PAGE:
61 comments on “Top 5 States to Avoid With Firearms This Holiday Season

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  • David Braswell says:

    This is one reason I am glad I live in Texas and very seldom travel outside of my state. There is something wrong with a state when they want their citizens and their guest unable to defend and protect themselves. With the times being what they are there is more need for concealed carry then not. The police cannot always protect us and the politicians run and hide. Thank you Texas for being the great state you are.

  • Dean Chapman says:

    If I can’t avoid them entirely, I try to avoid even stopping for gas in such anti-gun states as Illinois. I’ll spend my money elsewhere!

  • Still need an answer
    To travel correctly, it was stated that weapon had to be unloaded, separate location in secure area (vehicle trunK), etc.
    What is the rule for SUV’s that do NOT have a “Trunk” as such – just the cargo space behind seats??

    • U.S. & Texas LawShield Admin says:

      Hi David. Thank you for reaching out to us. We are waiting on a response from our network of Independent Program Attorneys and will keep you updated as soon as we hear back from them. Thank you for your patience!

    • In New Jersey the hand gun must be in a locked case as far away from the owner as possible and the ammo also should be locked in a case as far away from the gun as possible. I was told in the case of having a pickup truck, behind the seat would be acceptable. With an SUV they should be as far away from you as possible. Also there should not be any loaded magazines.

  • I live in Colorado and it is a mixed bag. Open carry is allowed, but avoid doing so in the cities. Unless you are in Rifle, Colorado! The big cities are problematic. Denver prohibits the possession of “assault weapons” and hi-cap magazines. Boulder is probably worse. The “resort” locations should be researched before your trip. Try to fly in to the Colorado Springs airport and avoid DIA. I drive to the vacation areas within 1,000 miles.

  • Ralf Kreling says:

    As for topics for future articles, LEOSA HR 218 would be of interest to me as a retired LEO, who besides that still has a Florida Carry Conceal permit.
    I’ve heard some states ban certain weapons due to magazine capacity, I’d like to know which ones those are.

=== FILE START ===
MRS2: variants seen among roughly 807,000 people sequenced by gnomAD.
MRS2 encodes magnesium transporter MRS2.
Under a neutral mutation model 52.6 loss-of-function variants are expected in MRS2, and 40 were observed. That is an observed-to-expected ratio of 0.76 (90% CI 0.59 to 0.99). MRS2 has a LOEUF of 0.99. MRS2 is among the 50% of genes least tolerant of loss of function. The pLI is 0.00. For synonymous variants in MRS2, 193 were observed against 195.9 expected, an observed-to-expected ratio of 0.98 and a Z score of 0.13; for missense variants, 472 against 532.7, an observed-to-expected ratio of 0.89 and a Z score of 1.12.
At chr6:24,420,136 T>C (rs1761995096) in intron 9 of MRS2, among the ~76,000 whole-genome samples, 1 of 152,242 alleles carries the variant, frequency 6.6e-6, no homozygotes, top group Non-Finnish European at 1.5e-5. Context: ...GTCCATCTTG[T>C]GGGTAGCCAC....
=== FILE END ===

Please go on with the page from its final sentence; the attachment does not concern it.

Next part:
Also, based on your data research, whether some states are more prone to hassle retired LEO’s.
    Chatter within some retired LEO websites indicate some states do just that. However, I’ve not been able to nail down specific instances.
    Thanks

    • U.S. & Texas LawShield Admin says:

      Hi Ralf. Thank you for your feedback and for your question. We will make a note of the topic for future reference. Please see the below response from one of our Independent Program Attorneys.

      “LEOSA concealed carry must conform with any state imposed magazine capacity. While I have no statistical data, I can tell you our Retired Officers, even those who retired from NYPD, overwhelmingly complain about being “hassled”.”

  • JAMES STEFFEE says:

    We live in Pa.,our daughter lives in Maryland,each Christmas Morning we travel to her house and have a Christmas Breakfast and Present opening,I leave my carry piece at home,but,for those several hours I feel absolutely NAKED in doing so.I really am hoping the Reciprocity Bill gets through the Senate,I do know there are riders on this Bill that are not that desireable,but,I feel the Second Ammendment NEEDS to be upheld.It has already been infringed upon too many times.

  • Hi Mike. I would rather a prospective perp have no idea I could be armed. Also I do not wish to cause discomfort among people who do not know me and may not be self-defense friendly. Not to mention the chance, however remote, that someone might see my weapon and attempt to take it.

    In general, I keep my carry status a private matter. Someone who who has never been in a potentially life threatening encounter may have difficulty identifying why, just because something happened to me one time, years ago, I would still feel the need for self defense.